There was a great gizzard shad spawn in 2014 which will produce enough forage to allow these predators to fatten up. Mike Burchett at Rockhouse Marina is an avid bass angler. He suggests that anglers cover a lot of water on the lower end of the lake throwing shad-colored jerkbaits and crankbaits in water less than 7 feet during late March and April. Claytor rarely gets stained or muddy but Burchett said the few times it does, anglers find phenomenal fishing with crayfish-colored baits. Stop by his marina to get the latest conditions. No bass under 12 inches may be creeled.
Steve Owens works the region for VDGIF and also suggested that South Holsten Reservoir at 7,580 acres in Washington County would be a great largemouth bass jaunt. The lake straddles the state line with Tennessee. The largemouth average size tends to be 3 to 5 pounds and the population is very stable.
There are plenty of threadfin shad, gizzard shad and alewives in the lake. Owens pointed out that unless you are targeting smallmouth, fish woody debris for largemouth. As in many spring fisheries, in this lake a jig worked around the structure, but near a drop off, is king for hooking fish. Remember that to fish the Tennessee side of the lake, anglers will need a South Holsten Reservoir Fishing License. ($21).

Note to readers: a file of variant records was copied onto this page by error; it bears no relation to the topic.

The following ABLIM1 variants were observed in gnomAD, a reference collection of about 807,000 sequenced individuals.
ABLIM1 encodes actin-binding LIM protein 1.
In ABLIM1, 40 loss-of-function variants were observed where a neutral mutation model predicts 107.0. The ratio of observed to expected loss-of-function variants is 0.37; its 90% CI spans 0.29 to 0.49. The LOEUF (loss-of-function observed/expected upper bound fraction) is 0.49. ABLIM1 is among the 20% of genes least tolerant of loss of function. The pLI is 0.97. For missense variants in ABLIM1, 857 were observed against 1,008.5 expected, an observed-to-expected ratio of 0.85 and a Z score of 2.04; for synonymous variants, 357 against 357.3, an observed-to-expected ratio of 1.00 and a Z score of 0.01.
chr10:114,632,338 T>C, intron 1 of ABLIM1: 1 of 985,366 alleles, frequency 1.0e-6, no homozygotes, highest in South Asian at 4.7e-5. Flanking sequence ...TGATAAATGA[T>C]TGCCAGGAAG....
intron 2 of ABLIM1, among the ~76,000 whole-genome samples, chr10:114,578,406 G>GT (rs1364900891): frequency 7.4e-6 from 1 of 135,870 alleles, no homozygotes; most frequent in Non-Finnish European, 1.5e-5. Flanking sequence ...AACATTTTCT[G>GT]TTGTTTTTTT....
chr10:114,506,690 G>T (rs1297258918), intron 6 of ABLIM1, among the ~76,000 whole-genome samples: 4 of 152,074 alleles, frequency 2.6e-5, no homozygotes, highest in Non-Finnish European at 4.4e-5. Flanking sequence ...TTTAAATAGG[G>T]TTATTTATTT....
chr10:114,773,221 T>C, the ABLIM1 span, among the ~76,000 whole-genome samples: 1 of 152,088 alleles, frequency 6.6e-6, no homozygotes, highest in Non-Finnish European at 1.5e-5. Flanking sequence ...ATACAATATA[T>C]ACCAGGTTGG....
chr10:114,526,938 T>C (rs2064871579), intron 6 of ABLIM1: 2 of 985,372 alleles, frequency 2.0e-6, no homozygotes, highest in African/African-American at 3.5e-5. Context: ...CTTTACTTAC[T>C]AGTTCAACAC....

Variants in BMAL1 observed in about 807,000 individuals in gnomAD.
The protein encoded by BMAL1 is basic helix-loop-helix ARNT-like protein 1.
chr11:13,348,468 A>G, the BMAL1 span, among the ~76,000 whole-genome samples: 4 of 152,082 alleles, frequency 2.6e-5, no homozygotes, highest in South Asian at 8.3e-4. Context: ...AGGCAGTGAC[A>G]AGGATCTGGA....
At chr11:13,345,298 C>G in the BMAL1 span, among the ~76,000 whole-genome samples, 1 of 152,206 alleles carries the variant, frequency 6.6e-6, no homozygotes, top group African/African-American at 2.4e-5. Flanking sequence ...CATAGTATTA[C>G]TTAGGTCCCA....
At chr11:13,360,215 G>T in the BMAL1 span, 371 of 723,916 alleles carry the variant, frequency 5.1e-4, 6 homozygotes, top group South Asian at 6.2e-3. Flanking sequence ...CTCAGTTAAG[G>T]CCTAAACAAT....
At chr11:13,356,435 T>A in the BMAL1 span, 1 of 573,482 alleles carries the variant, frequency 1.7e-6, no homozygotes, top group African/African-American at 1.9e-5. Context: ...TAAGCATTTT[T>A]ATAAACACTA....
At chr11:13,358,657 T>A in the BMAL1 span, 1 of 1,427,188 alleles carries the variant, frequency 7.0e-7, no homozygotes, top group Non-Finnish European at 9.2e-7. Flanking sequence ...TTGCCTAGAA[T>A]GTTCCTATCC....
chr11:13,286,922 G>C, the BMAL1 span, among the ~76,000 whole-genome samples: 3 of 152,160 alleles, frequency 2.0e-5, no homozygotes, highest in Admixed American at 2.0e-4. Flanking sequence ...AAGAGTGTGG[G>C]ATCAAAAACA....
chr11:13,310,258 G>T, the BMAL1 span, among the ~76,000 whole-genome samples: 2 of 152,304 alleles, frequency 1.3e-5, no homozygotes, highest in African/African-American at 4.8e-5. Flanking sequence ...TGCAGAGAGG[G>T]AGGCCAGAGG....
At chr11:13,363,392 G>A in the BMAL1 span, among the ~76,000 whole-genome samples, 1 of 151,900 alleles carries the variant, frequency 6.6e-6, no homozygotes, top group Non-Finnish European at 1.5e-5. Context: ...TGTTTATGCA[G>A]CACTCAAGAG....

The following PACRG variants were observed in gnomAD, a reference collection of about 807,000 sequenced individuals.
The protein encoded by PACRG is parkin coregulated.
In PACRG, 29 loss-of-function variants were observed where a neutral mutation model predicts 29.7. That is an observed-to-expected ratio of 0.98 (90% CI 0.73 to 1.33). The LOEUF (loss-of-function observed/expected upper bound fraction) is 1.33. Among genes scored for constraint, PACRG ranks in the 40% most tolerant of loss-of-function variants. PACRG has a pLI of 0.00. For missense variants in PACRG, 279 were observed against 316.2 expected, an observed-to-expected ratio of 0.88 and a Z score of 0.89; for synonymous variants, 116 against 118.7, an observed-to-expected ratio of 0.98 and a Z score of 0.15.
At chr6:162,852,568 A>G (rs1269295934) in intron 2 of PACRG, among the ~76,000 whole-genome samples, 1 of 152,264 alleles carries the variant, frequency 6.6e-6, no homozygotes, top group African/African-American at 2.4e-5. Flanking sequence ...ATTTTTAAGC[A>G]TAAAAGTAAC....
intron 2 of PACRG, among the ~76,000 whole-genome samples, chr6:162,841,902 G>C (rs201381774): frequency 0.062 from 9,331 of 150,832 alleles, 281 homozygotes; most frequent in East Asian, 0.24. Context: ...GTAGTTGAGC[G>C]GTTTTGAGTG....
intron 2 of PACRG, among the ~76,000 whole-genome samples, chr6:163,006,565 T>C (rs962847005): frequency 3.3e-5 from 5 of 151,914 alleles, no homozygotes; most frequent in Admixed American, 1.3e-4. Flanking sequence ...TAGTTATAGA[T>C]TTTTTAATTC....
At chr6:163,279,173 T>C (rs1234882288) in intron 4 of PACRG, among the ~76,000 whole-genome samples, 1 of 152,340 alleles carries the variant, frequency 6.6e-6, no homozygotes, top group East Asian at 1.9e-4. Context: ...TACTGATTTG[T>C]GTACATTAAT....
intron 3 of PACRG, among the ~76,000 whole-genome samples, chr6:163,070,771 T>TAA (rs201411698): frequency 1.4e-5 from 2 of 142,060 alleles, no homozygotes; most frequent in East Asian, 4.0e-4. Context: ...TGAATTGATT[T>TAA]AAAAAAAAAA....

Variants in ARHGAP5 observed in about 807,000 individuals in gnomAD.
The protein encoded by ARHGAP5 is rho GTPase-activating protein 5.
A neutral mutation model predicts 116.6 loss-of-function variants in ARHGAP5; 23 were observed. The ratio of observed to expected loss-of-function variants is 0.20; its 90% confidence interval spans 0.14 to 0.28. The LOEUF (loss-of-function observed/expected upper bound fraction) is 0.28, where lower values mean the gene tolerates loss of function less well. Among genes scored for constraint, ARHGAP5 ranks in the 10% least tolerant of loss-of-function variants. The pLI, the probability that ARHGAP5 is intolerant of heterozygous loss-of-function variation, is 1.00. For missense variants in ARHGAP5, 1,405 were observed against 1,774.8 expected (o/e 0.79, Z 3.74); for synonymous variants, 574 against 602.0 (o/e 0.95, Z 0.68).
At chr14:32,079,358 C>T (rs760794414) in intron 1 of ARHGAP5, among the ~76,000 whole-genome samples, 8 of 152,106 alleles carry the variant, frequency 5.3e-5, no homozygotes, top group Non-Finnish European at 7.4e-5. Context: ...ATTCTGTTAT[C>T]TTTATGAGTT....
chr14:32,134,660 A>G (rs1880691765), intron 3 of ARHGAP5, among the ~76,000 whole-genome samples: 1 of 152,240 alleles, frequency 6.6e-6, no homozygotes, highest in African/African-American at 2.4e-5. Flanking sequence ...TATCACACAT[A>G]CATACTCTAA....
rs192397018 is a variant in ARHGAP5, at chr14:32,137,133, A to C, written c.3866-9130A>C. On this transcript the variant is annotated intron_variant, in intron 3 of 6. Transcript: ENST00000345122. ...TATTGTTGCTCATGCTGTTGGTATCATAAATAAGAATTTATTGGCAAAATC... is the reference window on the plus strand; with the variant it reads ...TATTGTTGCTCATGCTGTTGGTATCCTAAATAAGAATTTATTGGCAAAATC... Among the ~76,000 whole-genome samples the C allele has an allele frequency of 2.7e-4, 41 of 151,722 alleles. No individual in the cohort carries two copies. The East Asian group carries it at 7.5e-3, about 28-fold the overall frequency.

Northern Mountain Region
Paul Bugas works the region as one of VDGIF's fisheries professionals. Bugas spent some time explaining the largemouth fisheries in his region to me. During our conversation Douthat Lake came up as a good location to catch largemouth.
Douthat Lake is one of the smaller lakes in the region at 50 acres but offers anglers a shot at a memorable bass. Since this lake is usually a trout fishing destination, more pressure is put on the trout by both humans and bass.
Largemouth that are big enough will feed on stocked trout. While the lake is not considered fertile or productive as some piedmont region lakes, the input of trout that sometimes provide additional forage for the largemouth helps. The steep-sided lake does offer potential spawning sites uplake where Wilson Creek feeds it and the bathymetry (underwater topography) is less steep.
Due to the location of the lake in the mountains, anglers won't see largemouth move to spawn until mid to late April. Fallen log structure on the west side of the lake and in other areas would also be a good spot to fish for largemouth bass.
Large spinners or crankbaits in trout colors are likely to take the bigger fish. However, anglers will also catch largemouth on jig and plastic combinations in crayfish colors too. No bass under 12 inches may be creeled.
Lake Moomaw is regarded as a great fishery for many species, including largemouth bass. This Jackson River impoundment holds back 12 miles of water endless locations to catch bass along its 43 miles of shoreline.
Largemouth here typically range between between 12 to 18 inches. With plenty of alewives, gizzard shad, crayfish as well as minnows in the lake, the largemouth bass have much to feed on.